Robert Rauschenberg - Spectator

Coverage of our new exhibition in the Spectator in this piece by Martin Gayford:


'Next Rauschenberg found new ways of sticking images into his paintings. In the late Fifties, he discovered that he could create a ghostly replica of magazine illustrations and headlines by damping them with lighter fluid and rubbing from behind. He added touches of watercolour to create works on paper in which stray faces and bodies loom out as if through a soft, grey mist.

Using this medium, he made a delicately translucent cycle on the theme of Dante’s ‘Inferno’. These little pictures conjure up a mid-20th-century Hades, in which, for example, the giants the poet sees in the pit of Malebolge are represented by three Olympic weight-lifters from Sports Illustrated. Those who would like to investigate this aspect of Rauschenberg’s work further are recommended an excellent exhibition containing many more transfer drawings from the Fifties and Sixties at the Offer Waterman gallery, 17 St George St, W1 (until 13 January).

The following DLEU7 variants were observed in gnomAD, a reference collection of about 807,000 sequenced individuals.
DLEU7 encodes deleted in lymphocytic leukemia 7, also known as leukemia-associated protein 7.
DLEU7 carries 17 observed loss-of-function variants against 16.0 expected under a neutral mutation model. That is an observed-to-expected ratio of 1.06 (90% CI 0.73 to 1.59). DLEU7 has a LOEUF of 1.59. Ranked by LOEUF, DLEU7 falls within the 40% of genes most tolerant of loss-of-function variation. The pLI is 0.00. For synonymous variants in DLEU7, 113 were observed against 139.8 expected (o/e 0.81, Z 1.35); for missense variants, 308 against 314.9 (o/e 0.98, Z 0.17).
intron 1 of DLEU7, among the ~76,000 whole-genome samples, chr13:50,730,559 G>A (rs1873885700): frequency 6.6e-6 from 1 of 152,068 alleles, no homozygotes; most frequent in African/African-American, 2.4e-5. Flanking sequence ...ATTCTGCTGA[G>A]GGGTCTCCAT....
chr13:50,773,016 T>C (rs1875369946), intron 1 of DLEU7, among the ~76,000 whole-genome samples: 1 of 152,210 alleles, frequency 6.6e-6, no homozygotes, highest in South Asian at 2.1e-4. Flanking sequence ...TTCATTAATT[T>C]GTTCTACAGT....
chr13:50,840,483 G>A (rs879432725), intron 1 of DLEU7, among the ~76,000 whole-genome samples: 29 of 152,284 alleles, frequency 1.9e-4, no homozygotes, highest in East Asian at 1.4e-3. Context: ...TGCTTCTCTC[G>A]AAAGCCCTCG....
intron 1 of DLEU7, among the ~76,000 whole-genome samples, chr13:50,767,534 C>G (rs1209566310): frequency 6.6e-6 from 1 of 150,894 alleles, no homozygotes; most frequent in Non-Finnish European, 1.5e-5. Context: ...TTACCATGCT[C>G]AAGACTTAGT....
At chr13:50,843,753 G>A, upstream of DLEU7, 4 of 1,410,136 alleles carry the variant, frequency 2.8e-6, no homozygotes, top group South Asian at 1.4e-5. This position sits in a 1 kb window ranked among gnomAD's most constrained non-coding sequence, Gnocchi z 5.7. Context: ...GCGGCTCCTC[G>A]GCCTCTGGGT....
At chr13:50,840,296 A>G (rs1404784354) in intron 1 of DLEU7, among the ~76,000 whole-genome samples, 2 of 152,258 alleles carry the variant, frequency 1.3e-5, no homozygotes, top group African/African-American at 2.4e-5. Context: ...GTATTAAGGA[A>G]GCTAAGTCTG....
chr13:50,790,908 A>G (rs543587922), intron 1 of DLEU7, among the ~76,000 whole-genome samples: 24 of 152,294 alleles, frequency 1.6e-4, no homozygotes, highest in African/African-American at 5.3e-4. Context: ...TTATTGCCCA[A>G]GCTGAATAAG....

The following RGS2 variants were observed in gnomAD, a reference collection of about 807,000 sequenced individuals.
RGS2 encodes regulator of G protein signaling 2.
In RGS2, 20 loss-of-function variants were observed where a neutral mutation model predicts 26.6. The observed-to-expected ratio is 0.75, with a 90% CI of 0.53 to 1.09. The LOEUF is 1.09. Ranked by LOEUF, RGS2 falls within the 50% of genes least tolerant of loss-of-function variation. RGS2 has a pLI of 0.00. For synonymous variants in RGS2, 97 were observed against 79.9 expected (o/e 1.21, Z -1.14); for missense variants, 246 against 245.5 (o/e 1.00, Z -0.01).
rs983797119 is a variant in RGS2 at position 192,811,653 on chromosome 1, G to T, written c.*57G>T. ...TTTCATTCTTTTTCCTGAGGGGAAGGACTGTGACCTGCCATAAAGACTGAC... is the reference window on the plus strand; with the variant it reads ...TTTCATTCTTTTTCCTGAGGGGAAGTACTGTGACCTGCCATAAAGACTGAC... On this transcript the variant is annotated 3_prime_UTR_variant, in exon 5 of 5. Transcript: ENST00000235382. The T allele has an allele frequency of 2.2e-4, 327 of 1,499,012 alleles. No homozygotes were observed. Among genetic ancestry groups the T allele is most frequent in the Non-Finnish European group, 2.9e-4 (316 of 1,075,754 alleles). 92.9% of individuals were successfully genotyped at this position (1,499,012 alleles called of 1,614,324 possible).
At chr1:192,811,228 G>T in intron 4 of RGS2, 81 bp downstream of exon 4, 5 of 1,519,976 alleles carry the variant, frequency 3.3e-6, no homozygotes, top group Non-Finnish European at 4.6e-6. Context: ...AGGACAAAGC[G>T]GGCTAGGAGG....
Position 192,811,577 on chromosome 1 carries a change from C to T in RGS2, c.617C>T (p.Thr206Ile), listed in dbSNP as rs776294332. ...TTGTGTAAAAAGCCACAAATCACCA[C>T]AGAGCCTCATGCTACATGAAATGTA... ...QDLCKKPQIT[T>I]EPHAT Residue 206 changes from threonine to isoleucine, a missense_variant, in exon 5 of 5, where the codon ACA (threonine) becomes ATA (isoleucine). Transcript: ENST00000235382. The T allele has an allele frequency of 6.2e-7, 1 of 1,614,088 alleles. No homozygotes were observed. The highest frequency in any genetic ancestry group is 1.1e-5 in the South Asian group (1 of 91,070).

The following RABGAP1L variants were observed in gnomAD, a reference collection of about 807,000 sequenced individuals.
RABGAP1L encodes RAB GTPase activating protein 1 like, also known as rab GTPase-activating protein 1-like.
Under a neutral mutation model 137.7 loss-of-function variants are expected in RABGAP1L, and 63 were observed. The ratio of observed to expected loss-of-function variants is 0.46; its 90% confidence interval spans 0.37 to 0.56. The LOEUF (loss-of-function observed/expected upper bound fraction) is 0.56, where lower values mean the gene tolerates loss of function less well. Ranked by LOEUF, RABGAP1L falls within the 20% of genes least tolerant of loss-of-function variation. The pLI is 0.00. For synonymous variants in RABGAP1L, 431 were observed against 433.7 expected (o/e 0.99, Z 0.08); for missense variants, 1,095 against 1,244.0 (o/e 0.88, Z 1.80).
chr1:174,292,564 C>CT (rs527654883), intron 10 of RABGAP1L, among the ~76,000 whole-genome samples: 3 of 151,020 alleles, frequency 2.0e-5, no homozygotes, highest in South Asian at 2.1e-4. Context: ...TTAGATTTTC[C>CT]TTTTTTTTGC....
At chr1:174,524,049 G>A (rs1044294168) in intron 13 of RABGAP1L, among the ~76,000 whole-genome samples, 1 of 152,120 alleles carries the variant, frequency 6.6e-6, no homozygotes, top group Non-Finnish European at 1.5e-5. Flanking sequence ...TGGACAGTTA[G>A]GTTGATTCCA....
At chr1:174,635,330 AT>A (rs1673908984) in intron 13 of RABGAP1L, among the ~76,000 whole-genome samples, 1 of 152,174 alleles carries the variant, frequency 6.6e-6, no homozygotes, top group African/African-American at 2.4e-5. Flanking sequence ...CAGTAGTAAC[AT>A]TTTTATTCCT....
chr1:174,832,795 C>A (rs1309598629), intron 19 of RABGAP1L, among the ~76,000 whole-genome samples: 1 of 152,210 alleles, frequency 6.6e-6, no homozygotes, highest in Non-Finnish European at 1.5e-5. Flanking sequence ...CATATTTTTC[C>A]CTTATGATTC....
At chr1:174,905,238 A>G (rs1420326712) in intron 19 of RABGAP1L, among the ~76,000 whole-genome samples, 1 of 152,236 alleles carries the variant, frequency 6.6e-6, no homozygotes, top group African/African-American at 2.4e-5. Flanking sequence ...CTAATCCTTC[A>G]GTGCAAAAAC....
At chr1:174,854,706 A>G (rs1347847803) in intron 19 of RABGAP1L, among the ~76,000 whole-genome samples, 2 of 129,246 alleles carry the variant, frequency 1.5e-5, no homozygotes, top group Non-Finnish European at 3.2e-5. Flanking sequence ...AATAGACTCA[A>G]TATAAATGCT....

When I visited Rauschenberg, he left the television on all the time while we were talking. The volume was right down, but in the background there was a constant flickering accompaniment of random images. ‘I am always surprised’, he remarked, ‘that in this day and age you don’t have to keep up with everything: you don’t have to look for information, we’re swimming in it.’ This was his true subject. It makes his work of more than half a century ago seem oddly up-to-date now that we have entered the fresh inferno of the internet age.'


Read the full article online here: SPECTATOR



December 1, 2016